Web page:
Mount Carmel is not specifically mentioned by name in the New Testament. Yet it is only about 20 miles from Jesus' childhood town of Nazareth, such that it is likely that Jesus spent time there. It would have been near the boundary between Galilee and Samaria.
In an earlier post about Elijah and the Carmelites, the topic was how St. Teresa of Avila's writings about fire and living water might have been influenced by the Scriptural account of Elijah's pouring water on the altar on which God sent fire to burn the sacrifice.
In addition to the quotes mentioned there, there are also places where St. Teresa specifically mentioned the prophet Elijah, including these:
In The Interior Castle, St. Teresa of Avila specifically mentioned Elijah as "our Father Elijah" when she mentions his calling fire down from heaven, writing:
"Would it be good for a soul with this dryness to wait for fire to come down from heaven to burn this sacrifice that it is making of itself to God, as did our Father Elijah? No, certainly not, nor is it right to expect miracles. The Lord works them for this soul when he pleases . . . ." [Interior Castle VI:7:8]
Later in the same book, she again calls him the order's father:
"The great penances that many saints - especially the glorious Magdalene, who had always been surrounded by so much luxury -- performed must have come from this center. Also that hunger which our Father Elijah had for the honor of his God and which St. Dominic and St. Francis had so as to draw souls to praise God." [Interior Castle VII:4:11, alluding to I Kings 19:10 and the order's motto quoted above]
In The Book of Her Foundations, she again mentioned Elijah as their "father":
"[O]n the first day of our journey from Malagon to Beas I was traveling with a fever and so many illnesses all together that while considering the distance we still had to travel and seeing myself in this condition I remembered our Father Elijah when he was fleeing from Jezebel, and said: 'Lord, how can I suffer this? You take care.' The truth is that when His Majesty saw me so weak, He suddenly took away my fever and illness." [Foundations 27:17]
"The entrance to [the monastery of our Lady of Succor] is underground, as though through a cave, which represented that of our Father Elijah." [Foundations 28:20, alluding to I Kings 19:9-13]
Her poem "On the Way to Heaven" also mentions "Elijah, our Father", saying that he "leads, in our self-denying we follow him" as nuns of Carmel, and also expressing a wish to have "Elisha's double spirit" [alluding to II Kings 2:9-10, where Elisha asked to have a double share of Elijah's spirit].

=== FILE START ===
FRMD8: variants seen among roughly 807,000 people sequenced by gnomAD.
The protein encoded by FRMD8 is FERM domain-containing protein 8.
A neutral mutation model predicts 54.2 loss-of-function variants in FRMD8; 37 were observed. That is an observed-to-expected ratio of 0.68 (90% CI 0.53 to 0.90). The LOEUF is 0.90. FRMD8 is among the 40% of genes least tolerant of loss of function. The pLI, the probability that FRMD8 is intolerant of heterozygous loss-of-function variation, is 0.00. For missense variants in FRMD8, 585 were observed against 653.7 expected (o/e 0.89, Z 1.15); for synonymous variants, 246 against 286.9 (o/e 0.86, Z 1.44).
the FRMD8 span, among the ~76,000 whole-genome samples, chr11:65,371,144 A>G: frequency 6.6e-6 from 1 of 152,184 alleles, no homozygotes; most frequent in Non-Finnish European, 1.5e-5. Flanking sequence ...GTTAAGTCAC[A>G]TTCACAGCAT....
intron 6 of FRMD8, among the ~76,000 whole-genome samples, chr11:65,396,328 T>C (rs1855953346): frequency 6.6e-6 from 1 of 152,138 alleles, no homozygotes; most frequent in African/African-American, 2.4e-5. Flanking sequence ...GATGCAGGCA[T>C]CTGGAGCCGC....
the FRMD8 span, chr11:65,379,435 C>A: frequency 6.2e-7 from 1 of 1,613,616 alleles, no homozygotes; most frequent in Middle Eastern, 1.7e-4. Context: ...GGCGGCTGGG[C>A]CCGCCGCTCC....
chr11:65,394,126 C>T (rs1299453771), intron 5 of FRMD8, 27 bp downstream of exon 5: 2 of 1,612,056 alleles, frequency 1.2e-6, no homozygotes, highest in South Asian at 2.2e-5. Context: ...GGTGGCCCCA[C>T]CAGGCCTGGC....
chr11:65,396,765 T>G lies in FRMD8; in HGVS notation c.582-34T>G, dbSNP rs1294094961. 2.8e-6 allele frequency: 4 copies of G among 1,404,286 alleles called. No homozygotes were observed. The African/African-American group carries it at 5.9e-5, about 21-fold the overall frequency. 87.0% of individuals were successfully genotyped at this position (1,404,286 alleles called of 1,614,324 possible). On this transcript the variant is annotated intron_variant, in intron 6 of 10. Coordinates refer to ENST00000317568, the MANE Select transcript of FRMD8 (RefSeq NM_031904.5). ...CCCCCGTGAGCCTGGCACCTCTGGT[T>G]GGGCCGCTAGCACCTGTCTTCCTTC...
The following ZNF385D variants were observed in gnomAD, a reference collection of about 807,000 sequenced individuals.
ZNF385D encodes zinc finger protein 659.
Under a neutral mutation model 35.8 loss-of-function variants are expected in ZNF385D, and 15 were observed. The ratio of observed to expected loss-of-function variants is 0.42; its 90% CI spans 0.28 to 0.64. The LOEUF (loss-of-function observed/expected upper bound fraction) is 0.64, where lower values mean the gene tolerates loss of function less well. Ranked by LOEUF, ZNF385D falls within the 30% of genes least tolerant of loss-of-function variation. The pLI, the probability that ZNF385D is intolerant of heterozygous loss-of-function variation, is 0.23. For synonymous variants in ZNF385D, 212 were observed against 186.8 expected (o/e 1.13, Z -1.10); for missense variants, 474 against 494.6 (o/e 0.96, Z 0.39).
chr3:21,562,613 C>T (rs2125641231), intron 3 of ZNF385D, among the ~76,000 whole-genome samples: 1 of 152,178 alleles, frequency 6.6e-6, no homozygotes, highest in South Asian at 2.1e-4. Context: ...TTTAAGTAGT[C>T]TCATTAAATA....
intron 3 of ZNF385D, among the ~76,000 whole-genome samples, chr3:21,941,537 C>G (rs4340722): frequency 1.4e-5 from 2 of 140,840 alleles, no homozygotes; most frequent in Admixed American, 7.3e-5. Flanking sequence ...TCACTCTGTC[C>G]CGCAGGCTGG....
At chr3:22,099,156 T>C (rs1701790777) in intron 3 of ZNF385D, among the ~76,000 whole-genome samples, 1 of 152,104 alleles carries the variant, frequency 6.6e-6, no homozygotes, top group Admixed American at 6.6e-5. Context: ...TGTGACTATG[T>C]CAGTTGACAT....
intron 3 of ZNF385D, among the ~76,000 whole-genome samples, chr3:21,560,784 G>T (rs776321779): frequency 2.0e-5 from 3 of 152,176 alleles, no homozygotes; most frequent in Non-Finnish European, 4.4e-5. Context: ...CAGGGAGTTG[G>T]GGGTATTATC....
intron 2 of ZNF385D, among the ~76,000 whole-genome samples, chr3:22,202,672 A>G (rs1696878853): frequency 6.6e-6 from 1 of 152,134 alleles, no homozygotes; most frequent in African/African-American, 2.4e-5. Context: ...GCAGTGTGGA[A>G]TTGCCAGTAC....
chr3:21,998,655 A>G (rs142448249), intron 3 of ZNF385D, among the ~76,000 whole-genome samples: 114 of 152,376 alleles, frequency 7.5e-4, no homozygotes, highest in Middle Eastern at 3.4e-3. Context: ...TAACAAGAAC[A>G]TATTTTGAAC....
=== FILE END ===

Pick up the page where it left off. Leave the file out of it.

Ana de Jesus, one of St. Teresa's most treasured "daughters", mentioned Elijah as the order's "trunk" in her description of St. Teresa of Avila, given to the Provincial of the Mitigated Friars (quoted by Brother John Bruno in Saint Jean de la Croix, as quoted in turn in Teresa of Avila by Marcelle Auclair, Kathleen Pond's translation:
"Mother Teresa could not clothe herself in camel's hair like Elias [Elijah], I grant you; but she exchanged your fine cloth and your gauze for the roughest and coursest frieze. And she imitates the prophet as far as she possibly can: fasting, withdrawal from the world, penance and prayer. I repeat it to Your Reverence, we would rather die a thousand deaths than separate from our trunk. In my opinion Your Paternity and all the Calced are separated from it: such brethren do not imitate their holy Father Elias, since they seek fine clothing, society instead of the desert, and instead of unceasing prayer, the latest news."
Thus, the story that Elijah was the founder of the hermits on Mount Carmel, and the father of the Carmelite order, was one that St. Teresa of Avila believed and held dear, and she went to much effort to live by Elijah's example. The history of the Carmelite order goes back to the twelfth century, and there is sound reason to believe that there were hermits living on Mount Carmel from the twelfth century back to the time of Elijah who followed his example. Indeed, even Elijah may not have been the first to live and worship on that mountain.
Very little is actually known about the connection of the twelfth century Carmelite hermits on Mount Carmel with the hermits who lived there before them, but it can be safely assumed that they knew it as the mountain of Elijah and sought to live much as the hermits before them. Thus, there is some truth in the legend naming Elijah as the founder of the order of Carmel.